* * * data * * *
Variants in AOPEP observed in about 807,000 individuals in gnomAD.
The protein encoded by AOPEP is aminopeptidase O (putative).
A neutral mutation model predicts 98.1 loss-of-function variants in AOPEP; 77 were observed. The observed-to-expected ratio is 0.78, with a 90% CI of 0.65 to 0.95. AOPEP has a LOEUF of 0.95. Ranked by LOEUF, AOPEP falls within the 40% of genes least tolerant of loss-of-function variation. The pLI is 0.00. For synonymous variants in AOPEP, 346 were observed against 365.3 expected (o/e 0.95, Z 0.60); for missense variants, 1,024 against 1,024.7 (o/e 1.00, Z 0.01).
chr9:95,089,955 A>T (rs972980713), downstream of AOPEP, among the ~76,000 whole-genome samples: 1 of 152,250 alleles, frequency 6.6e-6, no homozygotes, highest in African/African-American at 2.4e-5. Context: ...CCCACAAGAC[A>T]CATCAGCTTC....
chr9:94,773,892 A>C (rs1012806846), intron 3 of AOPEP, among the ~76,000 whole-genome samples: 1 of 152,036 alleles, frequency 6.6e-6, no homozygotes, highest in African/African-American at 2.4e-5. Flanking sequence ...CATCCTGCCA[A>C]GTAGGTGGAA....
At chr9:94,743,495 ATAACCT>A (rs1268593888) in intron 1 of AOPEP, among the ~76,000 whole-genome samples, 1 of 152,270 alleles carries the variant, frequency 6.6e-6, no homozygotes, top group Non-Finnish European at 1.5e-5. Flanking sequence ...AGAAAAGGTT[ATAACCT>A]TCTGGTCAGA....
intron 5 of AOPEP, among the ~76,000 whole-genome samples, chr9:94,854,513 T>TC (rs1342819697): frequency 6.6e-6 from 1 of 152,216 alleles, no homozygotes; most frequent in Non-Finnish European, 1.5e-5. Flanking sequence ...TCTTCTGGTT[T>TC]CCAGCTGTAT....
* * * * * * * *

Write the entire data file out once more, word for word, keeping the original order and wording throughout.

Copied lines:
Variants in AOPEP observed in about 807,000 individuals in gnomAD.
The protein encoded by AOPEP is aminopeptidase O (putative).
A neutral mutation model predicts 98.1 loss-of-function variants in AOPEP; 77 were observed. The observed-to-expected ratio is 0.78, with a 90% CI of 0.65 to 0.95. AOPEP has a LOEUF of 0.95. Ranked by LOEUF, AOPEP falls within the 40% of genes least tolerant of loss-of-function variation. The pLI is 0.00. For synonymous variants in AOPEP, 346 were observed against 365.3 expected (o/e 0.95, Z 0.60); for missense variants, 1,024 against 1,024.7 (o/e 1.00, Z 0.01).
chr9:95,089,955 A>T (rs972980713), downstream of AOPEP, among the ~76,000 whole-genome samples: 1 of 152,250 alleles, frequency 6.6e-6, no homozygotes, highest in African/African-American at 2.4e-5. Context: ...CCCACAAGAC[A>T]CATCAGCTTC....
chr9:94,773,892 A>C (rs1012806846), intron 3 of AOPEP, among the ~76,000 whole-genome samples: 1 of 152,036 alleles, frequency 6.6e-6, no homozygotes, highest in African/African-American at 2.4e-5. Flanking sequence ...CATCCTGCCA[A>C]GTAGGTGGAA....
At chr9:94,743,495 ATAACCT>A (rs1268593888) in intron 1 of AOPEP, among the ~76,000 whole-genome samples, 1 of 152,270 alleles carries the variant, frequency 6.6e-6, no homozygotes, top group Non-Finnish European at 1.5e-5. Flanking sequence ...AGAAAAGGTT[ATAACCT>A]TCTGGTCAGA....
intron 5 of AOPEP, among the ~76,000 whole-genome samples, chr9:94,854,513 T>TC (rs1342819697): frequency 6.6e-6 from 1 of 152,216 alleles, no homozygotes; most frequent in Non-Finnish European, 1.5e-5. Flanking sequence ...TCTTCTGGTT[T>TC]CCAGCTGTAT....